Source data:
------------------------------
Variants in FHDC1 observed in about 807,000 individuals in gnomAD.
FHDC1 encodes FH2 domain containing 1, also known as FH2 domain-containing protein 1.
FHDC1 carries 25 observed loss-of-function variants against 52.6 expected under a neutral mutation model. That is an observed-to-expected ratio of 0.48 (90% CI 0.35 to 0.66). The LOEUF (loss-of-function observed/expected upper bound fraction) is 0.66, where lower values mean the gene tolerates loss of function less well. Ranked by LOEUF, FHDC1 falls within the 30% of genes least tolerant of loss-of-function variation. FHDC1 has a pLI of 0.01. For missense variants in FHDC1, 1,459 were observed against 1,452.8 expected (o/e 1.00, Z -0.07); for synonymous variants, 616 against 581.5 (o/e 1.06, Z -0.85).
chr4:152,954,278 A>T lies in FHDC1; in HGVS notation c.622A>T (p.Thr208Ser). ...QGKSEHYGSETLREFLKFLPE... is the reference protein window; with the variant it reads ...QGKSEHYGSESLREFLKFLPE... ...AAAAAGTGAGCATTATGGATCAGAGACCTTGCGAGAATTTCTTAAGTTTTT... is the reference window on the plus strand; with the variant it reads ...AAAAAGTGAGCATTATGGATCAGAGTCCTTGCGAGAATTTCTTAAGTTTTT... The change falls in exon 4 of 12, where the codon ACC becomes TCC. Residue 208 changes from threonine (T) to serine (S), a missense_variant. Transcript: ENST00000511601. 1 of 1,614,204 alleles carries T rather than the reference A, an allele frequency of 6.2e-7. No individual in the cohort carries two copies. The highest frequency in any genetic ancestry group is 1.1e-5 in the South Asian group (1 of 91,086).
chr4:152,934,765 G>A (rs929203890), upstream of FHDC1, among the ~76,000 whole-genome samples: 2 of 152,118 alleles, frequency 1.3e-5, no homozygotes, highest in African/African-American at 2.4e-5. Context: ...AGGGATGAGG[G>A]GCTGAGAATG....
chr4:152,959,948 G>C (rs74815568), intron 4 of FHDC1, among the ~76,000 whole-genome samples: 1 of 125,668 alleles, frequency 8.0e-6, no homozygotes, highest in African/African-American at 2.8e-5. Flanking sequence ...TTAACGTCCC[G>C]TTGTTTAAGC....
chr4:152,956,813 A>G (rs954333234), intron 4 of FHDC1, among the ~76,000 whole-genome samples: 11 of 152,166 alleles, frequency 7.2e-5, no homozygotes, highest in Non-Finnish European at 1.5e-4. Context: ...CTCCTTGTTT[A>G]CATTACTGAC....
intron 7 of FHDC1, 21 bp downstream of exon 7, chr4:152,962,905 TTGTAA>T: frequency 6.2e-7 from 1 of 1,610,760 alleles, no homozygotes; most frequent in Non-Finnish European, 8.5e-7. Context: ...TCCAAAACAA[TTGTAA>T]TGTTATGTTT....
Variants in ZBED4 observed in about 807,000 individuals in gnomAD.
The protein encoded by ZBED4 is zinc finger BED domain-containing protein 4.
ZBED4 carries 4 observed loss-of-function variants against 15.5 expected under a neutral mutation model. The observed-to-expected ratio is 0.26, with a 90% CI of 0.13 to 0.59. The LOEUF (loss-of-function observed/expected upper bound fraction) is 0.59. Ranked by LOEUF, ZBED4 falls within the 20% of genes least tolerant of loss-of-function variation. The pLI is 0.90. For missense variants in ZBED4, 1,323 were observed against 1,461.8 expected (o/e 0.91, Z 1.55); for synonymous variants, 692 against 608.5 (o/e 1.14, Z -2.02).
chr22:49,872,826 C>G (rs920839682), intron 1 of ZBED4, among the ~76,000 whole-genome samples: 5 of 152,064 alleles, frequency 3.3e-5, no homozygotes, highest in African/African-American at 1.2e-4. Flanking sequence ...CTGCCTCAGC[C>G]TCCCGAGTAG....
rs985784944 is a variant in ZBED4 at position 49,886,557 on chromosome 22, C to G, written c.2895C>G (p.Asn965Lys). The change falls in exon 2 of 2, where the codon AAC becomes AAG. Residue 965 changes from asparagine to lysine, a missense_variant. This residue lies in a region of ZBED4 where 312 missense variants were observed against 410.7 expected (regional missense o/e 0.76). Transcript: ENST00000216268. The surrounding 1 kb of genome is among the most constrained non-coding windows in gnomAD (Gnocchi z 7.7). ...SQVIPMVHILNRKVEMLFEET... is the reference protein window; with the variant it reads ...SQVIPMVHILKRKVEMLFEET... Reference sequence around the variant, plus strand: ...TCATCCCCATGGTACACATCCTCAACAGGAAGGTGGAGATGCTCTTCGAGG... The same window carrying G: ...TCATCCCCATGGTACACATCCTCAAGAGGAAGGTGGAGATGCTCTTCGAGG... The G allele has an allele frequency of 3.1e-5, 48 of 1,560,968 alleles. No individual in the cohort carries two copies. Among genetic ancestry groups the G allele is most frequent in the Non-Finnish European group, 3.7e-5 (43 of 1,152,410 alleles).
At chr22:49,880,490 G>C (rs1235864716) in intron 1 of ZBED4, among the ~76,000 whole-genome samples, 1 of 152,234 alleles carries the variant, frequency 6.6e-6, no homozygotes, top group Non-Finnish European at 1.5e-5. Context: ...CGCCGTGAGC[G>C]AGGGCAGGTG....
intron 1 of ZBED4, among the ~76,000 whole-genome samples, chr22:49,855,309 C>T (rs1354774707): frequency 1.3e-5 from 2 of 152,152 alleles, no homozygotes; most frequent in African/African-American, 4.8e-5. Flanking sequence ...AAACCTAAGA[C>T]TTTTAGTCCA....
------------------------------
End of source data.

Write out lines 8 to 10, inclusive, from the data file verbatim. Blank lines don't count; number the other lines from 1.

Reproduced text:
intron 7 of FHDC1, 21 bp downstream of exon 7, chr4:152,962,905 TTGTAA>T: frequency 6.2e-7 from 1 of 1,610,760 alleles, no homozygotes; most frequent in Non-Finnish European, 8.5e-7. Context: ...TCCAAAACAA[TTGTAA>T]TGTTATGTTT....
Variants in ZBED4 observed in about 807,000 individuals in gnomAD.
The protein encoded by ZBED4 is zinc finger BED domain-containing protein 4.